dappo kikken drug danger unsafe japan herb semi-legal toilet paper police promotion

The police are on a big drive to discourage people from using these stimulants. In July last year they announced a new name. Previously known as “law-evading” (dappo) drugs, the new label chosen from public submissions was “unsafe” or “danger” drugs.

And now the police have got some help from an unusual source. A paper company in Fuji City, Shizuoka Prefecture, has produced the “Say ‘No!’ to Danger Drugs” toilet paper. Costing ¥120 (around $1) per roll, the toilet paper tells you about the health risks through six sets of illustrated messages printed on the paper. It was designed in partnership with an anti-drug non-profit organisation.

kikken drug danger unsafe japan herb semi-legal toilet paper police promotion

The manufacturer behind the “Say ‘No!’ to Danger Drugs” toilet paper has previously developed other socially aware rolls, including unique toilet paper with messages about bank transfer fraud and drink driving.

kikken drug danger unsafe japan herb semi-legal toilet paper police promotion

It hopes to sell 100,000 rolls, in addition to being stocked in police or medical facility lavatories.

Japanese toilet paper is not as dull as it sounds. Anime and manga fans can even get One Piece or HappinessCharge PreCure! toilet paper sets.

one piece toilet paper roll anime

A horror story was also once printed on toilet paper and a place in Mie Prefecture even created its own “ninja toilet paper” to promote tourism. In the past we have seen tape measure toilet paper and a local Odawara toilet paper was even printed with messages to encourage people to vote.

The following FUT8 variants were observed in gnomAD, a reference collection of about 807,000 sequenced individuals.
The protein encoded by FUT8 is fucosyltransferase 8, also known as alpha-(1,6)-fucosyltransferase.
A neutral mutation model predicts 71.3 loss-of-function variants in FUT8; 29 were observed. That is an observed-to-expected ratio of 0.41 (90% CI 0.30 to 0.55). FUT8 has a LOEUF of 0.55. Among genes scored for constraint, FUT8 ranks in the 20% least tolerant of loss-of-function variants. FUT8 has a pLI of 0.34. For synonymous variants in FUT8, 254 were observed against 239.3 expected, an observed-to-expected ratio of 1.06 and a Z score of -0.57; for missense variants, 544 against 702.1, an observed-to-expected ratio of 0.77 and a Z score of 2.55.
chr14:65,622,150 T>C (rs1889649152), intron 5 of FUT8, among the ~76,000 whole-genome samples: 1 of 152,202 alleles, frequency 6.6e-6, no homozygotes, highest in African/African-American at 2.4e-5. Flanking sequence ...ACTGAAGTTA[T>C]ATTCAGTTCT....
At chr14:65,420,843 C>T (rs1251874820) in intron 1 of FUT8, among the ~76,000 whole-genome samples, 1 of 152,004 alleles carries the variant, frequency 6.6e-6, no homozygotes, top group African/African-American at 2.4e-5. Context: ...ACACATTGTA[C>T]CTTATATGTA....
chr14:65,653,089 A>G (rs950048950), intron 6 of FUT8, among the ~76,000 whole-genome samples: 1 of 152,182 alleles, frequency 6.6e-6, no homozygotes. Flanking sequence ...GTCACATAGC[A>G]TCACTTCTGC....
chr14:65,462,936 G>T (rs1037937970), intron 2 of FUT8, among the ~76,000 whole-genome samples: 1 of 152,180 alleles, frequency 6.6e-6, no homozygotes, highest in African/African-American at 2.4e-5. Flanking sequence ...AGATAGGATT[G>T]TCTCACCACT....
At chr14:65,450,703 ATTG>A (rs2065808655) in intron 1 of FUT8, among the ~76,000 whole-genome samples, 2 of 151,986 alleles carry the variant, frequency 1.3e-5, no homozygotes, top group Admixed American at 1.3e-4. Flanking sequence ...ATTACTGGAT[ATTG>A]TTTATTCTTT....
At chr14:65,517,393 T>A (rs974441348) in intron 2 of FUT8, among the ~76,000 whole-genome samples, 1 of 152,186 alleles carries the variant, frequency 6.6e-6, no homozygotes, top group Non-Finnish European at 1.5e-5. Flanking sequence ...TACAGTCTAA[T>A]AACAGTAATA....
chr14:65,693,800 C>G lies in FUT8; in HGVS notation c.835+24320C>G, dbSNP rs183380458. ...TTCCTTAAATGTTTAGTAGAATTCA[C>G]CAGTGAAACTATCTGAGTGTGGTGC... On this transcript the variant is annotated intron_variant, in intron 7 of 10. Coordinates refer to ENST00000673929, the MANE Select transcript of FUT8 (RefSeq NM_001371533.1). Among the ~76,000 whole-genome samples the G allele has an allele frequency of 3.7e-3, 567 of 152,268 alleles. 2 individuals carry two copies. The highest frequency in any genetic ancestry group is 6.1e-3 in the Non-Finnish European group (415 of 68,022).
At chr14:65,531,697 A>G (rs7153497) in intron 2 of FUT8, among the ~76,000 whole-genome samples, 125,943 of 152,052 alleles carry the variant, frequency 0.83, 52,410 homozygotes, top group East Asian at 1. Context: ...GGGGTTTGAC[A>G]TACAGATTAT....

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Unusual Japanese curries: Zombies, fruits, Hello Kitty, beetroot, and more!

Written by: Japan Trends on April 20, 2015 at 10:19 am | In PRODUCT INNOVATION | No Comments

When we think of Japanese food we think of sushi, noodles and miso soup. But actually there’s plenty of curry in the country’s diet too, especially so-called curry rice, which is basically white rice on a plate with some roux. It’s a staple of the businessman’s lunch.

And every staple gets reinvented after a while, so there are plenty of unusual curry rice dishes out there, from oyster to deer, apple and even fermented beans.

Local regions and tourist spots often create curries using famous produce from the area as a way of drumming up buzz. And curries can even be a form of tie-in merchandise for franchises.

Here are is a selection of some of the most unusual Japanese curries.

Curry of the Biohazard Resident Evil Zombie Roux

The Curry of the Biohazard Resident Evil Zombie Roux is a green herb curry officially endorsed by Capcom, who make the Biohazard/Resident Evil game series. “Have the Biohazard Green Herb Curry and survive,” says the box. It’s less chilling than it sounds. Apparently eating this curry will save you from the zombies, rather than turn you into one.